This week, Edward Pentin of the National Catholic Register published a major sit-down interview with Bishop Bernard Fellay, leader of the traditionalist Society of St. Pius X, the headline from which was Fellay’s diagnosis that a deal for reunion with Rome is close, coupled with his insistence the society won’t betray its principles to get it.
There was a delicious throw-away line on a different topic, however, which shouldn’t get lost.
At one stage, Pentin asked Fellay about the pope’s repeated denunciations of “doctors of the law” and “fundamentalists,” wondering if Fellay takes those jibes as directed at his society or traditionalists generally. In response, Fellay said he’s asked around Rome what the pope means by that language.
“The answer I got most was ‘conservative Americans!’” Fellay, who’s Swiss, laughingly told Pentin. “So really, frankly, I don’t know.”
One might suspect Fellay was deflecting, except for this: He’s absolutely, one hundred percent right about what one typically hears in Rome on the subject of who leaves this pope cold.
By now, it’s clear that one defining feature both of Francis’ personality and his approach to governance – which shouldn’t be at all surprising, when you think about it – is a distinct ambivalence about the United States and about Americans.
First of all, Francis is Latin American, and resentment of the U.S. is sort of mother’s milk across the region. Latin Americans grow up learning about the U.S. role in coups in Honduras, Chile, Guatemala, the Dominican Republic, and elsewhere, and there’s a pervasive belief that the political and economic deck has been stacked to ensure that wealth flows north and hardship stays in the south.
Latin Americans also tend to have long memories, and many still recall moments such as Ronald Reagan’s famous reaction upon returning from a 1982 trip to the region: “You’d be surprised … they’re all individual countries.” The fact that national differences could strike a U.S. president as a revelation still rings in Latin American ears as proof of our capacity for condescension.
Moreover, Latin American bishops tend to feel a gut-level streak of skepticism about the United States that sometimes disposes them to even fairly far-out conspiracy theories.
Cardinal Oscar Rodriguez Maradiaga of Honduras, for instance, is an urbane, polyglot sophisticate who leads the pope’s “C9” council of cardinal advisors. Yet back in 2002, when the sex abuse scandals first broke out in the United States, he openly suggested that the crisis was being ginned up by the Jewish-dominated media in the United States to divert attention from the Church’s support for Palestinian statehood.
Rodriguez later walked back from that claim, but it’s indicative of the climate.
Francis also has personal reasons for mixed emotions. He’s well aware that the most overt blowback he’s faced since his election, both inside and outside the Church, has stemmed from the United States.
Repeatedly, he’s been forced by reporters to respond to Rush Limbaugh calling him a Marxist. On a flight on the way back to Rome from Paraguay last July, he acknowledged hearing that “there were some criticisms from the United States” about his environmental encyclical, Laudato Si’. Ecclesiastically, there’s no more visible icon of resistance to some of reforming elements of the pontiff’s agenda than American Cardinal Raymond Burke.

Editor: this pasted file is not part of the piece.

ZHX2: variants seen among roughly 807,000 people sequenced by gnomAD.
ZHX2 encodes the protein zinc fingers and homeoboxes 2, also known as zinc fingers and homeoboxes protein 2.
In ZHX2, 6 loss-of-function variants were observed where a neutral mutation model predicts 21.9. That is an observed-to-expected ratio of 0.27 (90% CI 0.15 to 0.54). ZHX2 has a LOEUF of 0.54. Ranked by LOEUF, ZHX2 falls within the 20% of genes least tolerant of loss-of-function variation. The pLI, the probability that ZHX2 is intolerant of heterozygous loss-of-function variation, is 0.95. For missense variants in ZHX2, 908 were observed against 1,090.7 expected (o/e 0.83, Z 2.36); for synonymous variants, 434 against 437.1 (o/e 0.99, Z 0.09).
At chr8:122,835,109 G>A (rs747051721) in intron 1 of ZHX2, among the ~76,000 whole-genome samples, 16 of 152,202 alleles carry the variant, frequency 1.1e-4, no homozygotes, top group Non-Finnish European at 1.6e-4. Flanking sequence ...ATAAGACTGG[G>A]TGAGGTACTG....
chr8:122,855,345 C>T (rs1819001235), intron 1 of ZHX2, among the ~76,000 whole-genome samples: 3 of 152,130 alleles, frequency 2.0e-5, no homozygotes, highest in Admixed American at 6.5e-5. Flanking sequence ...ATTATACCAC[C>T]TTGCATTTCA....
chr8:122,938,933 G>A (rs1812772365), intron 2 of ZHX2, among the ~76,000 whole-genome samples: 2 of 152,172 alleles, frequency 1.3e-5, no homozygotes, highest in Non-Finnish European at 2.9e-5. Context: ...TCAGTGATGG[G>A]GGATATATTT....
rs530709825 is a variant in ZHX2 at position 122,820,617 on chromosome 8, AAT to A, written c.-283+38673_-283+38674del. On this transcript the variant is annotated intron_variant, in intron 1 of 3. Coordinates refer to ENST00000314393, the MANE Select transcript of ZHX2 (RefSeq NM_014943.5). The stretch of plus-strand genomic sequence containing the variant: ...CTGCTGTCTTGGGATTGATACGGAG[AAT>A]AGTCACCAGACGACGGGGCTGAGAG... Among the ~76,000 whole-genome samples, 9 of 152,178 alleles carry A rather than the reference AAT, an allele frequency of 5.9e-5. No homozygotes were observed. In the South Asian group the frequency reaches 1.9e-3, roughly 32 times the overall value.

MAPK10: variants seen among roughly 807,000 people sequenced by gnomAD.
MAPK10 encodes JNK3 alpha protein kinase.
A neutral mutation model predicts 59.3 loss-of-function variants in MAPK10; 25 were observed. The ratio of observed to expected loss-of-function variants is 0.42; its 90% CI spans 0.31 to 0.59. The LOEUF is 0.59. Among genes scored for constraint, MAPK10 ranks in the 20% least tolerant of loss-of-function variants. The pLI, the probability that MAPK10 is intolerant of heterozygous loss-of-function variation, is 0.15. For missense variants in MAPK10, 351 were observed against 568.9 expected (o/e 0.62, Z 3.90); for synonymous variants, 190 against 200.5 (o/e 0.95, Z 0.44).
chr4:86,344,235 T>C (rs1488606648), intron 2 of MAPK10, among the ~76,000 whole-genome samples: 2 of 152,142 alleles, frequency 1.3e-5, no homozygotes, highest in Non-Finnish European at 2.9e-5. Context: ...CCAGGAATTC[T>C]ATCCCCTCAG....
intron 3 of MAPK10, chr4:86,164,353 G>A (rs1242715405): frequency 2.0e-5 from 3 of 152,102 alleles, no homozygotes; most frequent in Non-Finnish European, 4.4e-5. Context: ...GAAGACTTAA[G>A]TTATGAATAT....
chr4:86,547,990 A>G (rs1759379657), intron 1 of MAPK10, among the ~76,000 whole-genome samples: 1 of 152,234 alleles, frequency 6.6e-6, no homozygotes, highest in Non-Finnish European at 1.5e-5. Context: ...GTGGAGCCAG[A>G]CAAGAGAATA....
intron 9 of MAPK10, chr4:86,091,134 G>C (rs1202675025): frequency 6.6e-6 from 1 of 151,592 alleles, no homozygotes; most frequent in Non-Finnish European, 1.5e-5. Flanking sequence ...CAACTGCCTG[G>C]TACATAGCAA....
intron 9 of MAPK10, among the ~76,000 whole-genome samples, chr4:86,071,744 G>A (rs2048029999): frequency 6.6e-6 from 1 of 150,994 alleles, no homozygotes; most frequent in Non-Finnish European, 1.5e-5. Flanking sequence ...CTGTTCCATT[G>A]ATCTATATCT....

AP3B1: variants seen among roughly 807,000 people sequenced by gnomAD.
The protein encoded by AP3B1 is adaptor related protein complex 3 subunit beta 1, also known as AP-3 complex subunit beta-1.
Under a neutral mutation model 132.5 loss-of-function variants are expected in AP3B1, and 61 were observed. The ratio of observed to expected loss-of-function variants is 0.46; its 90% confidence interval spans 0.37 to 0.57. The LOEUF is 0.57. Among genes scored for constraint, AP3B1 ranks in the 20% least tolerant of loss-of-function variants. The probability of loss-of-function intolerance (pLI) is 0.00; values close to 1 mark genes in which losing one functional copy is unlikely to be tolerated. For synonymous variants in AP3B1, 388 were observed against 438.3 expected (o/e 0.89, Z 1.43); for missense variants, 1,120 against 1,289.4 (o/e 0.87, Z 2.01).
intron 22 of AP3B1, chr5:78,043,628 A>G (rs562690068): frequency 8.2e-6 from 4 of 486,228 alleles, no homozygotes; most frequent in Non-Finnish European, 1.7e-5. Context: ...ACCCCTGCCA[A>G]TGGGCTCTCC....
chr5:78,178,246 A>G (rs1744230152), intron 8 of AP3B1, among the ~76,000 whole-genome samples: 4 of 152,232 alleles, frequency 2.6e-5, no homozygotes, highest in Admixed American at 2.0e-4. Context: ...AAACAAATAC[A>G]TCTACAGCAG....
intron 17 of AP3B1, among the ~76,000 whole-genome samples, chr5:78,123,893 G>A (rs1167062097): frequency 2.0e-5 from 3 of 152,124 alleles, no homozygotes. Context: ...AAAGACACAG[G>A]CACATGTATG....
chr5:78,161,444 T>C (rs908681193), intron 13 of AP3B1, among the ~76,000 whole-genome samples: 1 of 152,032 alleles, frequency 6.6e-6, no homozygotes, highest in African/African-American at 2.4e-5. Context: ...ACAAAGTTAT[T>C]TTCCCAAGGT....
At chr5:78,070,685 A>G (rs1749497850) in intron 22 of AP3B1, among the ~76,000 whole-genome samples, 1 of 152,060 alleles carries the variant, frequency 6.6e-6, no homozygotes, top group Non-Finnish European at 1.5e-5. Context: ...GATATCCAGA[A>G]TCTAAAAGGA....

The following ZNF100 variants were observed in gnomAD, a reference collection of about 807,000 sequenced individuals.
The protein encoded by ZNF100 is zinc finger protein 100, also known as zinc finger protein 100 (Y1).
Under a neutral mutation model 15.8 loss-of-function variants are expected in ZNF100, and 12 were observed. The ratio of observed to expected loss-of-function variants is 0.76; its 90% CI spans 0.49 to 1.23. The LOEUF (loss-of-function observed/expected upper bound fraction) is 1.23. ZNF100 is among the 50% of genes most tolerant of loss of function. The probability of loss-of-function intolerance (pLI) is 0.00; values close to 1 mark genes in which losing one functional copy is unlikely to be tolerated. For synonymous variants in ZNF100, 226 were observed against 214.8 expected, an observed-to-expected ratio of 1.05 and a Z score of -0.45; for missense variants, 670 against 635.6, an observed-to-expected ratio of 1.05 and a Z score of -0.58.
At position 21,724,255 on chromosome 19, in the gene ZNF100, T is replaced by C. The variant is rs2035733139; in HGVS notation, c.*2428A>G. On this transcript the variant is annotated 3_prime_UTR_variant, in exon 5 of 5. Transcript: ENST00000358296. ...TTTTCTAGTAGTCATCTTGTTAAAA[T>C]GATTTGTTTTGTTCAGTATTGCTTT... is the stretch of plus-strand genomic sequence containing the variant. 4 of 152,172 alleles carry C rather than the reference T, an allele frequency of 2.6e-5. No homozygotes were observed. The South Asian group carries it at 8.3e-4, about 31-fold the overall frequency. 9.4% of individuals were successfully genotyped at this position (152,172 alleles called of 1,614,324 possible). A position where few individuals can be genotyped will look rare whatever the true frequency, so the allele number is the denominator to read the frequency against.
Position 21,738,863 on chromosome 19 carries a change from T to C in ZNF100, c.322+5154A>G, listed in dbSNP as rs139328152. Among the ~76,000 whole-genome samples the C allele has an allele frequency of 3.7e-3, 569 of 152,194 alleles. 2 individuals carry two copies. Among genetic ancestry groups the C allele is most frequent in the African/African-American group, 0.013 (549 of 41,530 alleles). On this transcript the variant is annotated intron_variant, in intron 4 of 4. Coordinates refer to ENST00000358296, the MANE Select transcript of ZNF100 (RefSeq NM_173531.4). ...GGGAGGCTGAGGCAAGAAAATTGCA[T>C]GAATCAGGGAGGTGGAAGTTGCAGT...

It’s probably natural, therefore, that Francis doesn’t always feel warm and fuzzy about the Stars and Stripes.
That ambivalence shows up, for instance, in the fact that American influence in the Vatican today is at a low ebb, with no major Vatican department currently led by someone from the States.
It’s equally telling that the American prelate who’s closest to Francis, Cardinal Sean P. O’Malley of Boston, is known around Rome as il cardinale meno americano degli americani – “the least American of the American cardinals.” (A bearded Capuchin, O’Malley strikes Catholics around the world, and especially in Italy, more as a doppelgänger of Padre Pio than a typical American.)
Prior to his election Francis had never set foot in the United States, making him the only pope in the last eighty years other than St. John XXIII who had never been to America before taking office — and, of course, it would have been far more difficult for Angelo Roncalli to get here in the 1940s or 50s than Jorge Mario Bergoglio in, say, the 1980s or 90s.
Today, when Francis talks about “interests” and “powers” and “forces” behind global political and economic systems he finds unjust, those often appear to be code words for the United States – and that, for the record, was before Donald Trump became a major party candidate for president.
Of course, Francis pulled off a massively successful trip to the United States last September, he has sky-high approval ratings in the country, he remains a darling of the American media, and there’s great grassroots excitement about him in many quarters of the American church.
People close to Francis also say his U.S. trip last year helped him to better distinguish between ordinary Americans and “the system.”
Further, if American stock is down in the Vatican today, it’s arguably no more than turnabout as fair play, since the perception under John Paul and Benedict was that Americans got more than their fair share of papal love.
All that may be true, but the fact remains that for Americans in the Pope Francis era, there’s a basic reality to confront: If you want to be on this pontiff’s A-list, you have to earn it, because your passport just isn’t going to help.